Cryptocurrency: Cryptos put India’s rich in a catch 22 situation, the legitimacy of the transaction may be questioned

It’s a Catch 22 situation for wealthy Indians who have been buying bitcoins from overseas markets and storing them in offshore wallets while the fate of cryptos in India hangs in the balance. They now find themselves in a dilemma over how to account for these “digital assets” and whether to disclose them.

If they hide these investments from the tax office, they can later be pulled up again. However, if they provide the information when filing their annual income tax returns, they may be questioned as to the legality of the transactions they are making. Some have acquired bitcoins and other popular cryptocurrencies from international sellers by transferring funds from India under the Reserve Bank of India’s Liberalized Remittance Scheme (LRS), which allows a resident to transfer up to $250,000 per year abroad, including in Investing in stocks, bonds and real estate.

Others have bought cryptos online from overseas sellers using their debit and credit cards. However, there are question marks over whether the LRS route and bank cards can be used to buy cryptos abroad. Bankers transferring LRS funds say the facility cannot be used to buy bitcoins directly from India as it is not included in the allowed list of capital account transactions.

It’s one thing to subscribe to Coinbase IPO, but it’s another thing to buy bitcoins directly. At least that’s the impression they get when dealing with RBI.

But what if a person uses the LRS window to open a dollar or euro account at a bank abroad and then uses the money to buy bitcoins abroad? That’s none of our business, say the bankers. But is it also outside the purview of the RBI? An RBI spokesperson declined to comment on whether one can invest in cryptos under LRS. The use of debit or credit cards is done under the pretense that trading cryptos are transactions in “current accounts” (not capital accounts) — a viewpoint that can be challenged.

ET office

“While there is no specific provision for buying bitcoins under the LRS and the RBI has not specifically banned cryptocurrencies in India, it remains unclear whether individuals are allowed to buy the same. Additionally, in the absence of clarity as to whether cryptocurrencies are “currencies” or simply a “contract/digital asset” in the hands of the recipient, it would be difficult to classify them for reporting under the LRS as the fields are designed for that Reporting under the form does not provide for such disclosure,” said Tushar Ajinkya, Founder and Managing Partner of ThinkLaw. However, according to Jaideep Reddy, head (technology law) at Nishith Desai Associates, the RBI has not clarified the treatment of crypto assets under FEMA, instead stating that they do not constitute currency.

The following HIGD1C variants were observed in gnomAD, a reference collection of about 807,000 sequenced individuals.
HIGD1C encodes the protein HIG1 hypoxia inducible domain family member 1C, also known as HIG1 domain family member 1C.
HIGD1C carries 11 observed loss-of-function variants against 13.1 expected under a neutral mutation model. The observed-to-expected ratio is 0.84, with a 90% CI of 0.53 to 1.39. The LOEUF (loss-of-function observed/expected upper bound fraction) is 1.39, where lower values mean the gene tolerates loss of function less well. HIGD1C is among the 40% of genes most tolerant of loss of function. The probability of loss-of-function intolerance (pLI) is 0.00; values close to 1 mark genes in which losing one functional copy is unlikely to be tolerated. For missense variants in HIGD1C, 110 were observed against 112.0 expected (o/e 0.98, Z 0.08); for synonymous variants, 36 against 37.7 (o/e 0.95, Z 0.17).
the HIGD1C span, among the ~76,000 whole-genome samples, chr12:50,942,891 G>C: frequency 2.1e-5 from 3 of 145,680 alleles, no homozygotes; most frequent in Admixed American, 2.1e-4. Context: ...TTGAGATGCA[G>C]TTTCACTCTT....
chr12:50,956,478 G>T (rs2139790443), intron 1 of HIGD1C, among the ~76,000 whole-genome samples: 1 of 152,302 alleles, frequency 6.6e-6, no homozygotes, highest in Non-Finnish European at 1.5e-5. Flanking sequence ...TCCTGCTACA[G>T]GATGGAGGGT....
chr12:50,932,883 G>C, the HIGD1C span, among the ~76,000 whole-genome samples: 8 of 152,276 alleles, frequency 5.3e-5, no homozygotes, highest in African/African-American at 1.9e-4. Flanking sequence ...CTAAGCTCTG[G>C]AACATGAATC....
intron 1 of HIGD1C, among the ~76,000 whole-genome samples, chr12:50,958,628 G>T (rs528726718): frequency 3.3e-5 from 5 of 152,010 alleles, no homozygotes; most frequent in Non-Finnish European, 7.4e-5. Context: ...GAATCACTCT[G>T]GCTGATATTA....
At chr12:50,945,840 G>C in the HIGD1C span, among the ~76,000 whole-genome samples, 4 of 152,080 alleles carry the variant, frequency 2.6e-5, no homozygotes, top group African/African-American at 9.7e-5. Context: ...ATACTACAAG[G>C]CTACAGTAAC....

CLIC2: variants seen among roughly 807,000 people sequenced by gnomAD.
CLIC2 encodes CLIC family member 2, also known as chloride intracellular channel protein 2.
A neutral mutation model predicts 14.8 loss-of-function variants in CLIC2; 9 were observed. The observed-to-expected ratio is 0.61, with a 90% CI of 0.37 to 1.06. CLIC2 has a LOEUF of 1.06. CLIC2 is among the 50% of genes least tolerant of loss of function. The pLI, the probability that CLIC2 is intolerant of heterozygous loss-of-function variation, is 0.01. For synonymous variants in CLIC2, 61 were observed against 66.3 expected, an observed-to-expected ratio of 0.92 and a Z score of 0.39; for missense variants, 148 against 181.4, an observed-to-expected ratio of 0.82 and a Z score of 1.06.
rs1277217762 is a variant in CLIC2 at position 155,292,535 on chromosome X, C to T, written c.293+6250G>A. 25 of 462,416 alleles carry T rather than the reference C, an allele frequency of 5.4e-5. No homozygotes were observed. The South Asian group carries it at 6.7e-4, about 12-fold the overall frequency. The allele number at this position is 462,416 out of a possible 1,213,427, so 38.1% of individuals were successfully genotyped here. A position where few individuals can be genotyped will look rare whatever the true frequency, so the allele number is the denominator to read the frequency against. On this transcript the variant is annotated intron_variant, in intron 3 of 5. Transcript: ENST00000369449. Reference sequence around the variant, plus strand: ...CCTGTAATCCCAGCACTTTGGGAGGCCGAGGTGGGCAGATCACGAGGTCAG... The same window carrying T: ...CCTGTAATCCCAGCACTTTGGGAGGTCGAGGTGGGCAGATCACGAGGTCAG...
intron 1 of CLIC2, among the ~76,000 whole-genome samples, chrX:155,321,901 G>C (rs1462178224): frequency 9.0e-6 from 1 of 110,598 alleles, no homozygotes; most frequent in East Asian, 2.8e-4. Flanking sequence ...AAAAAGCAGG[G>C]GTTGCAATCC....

“They could therefore be treated as intangible assets like intellectual property or software. The importation of an intangible asset is permissible as a current account transaction. However, each transaction must be analyzed for its specific facts and context,” Reddy said. While the use of LRS is unclear, investors are now grappling with the disclosure dilemma. Resident Indians are required to provide details of foreign bank accounts (including accounts on which they sign powers of attorney), real estate or other property located outside the country.

This begs the question: should resident Indians disclose their crypto holdings abroad while filing statements for the 2021-22 assessment year? A spokesman for the direct tax authority CBDT declined to comment, while the professional accounting authority ICAI had no opinion on the matter. Some of the tax experts have advised their clients to avoid cryptos while investing under LRS. “We believe that the RBI does not permit the use of LRS to purchase cryptocurrencies as they are not included in the list of permitted securities specified for purchase under LRS. However, RBI has not taken any action so far as it may not have collected the data,” said Rajesh P Shah, who heads the Chamber of Tax Advisors’ Research Committee.


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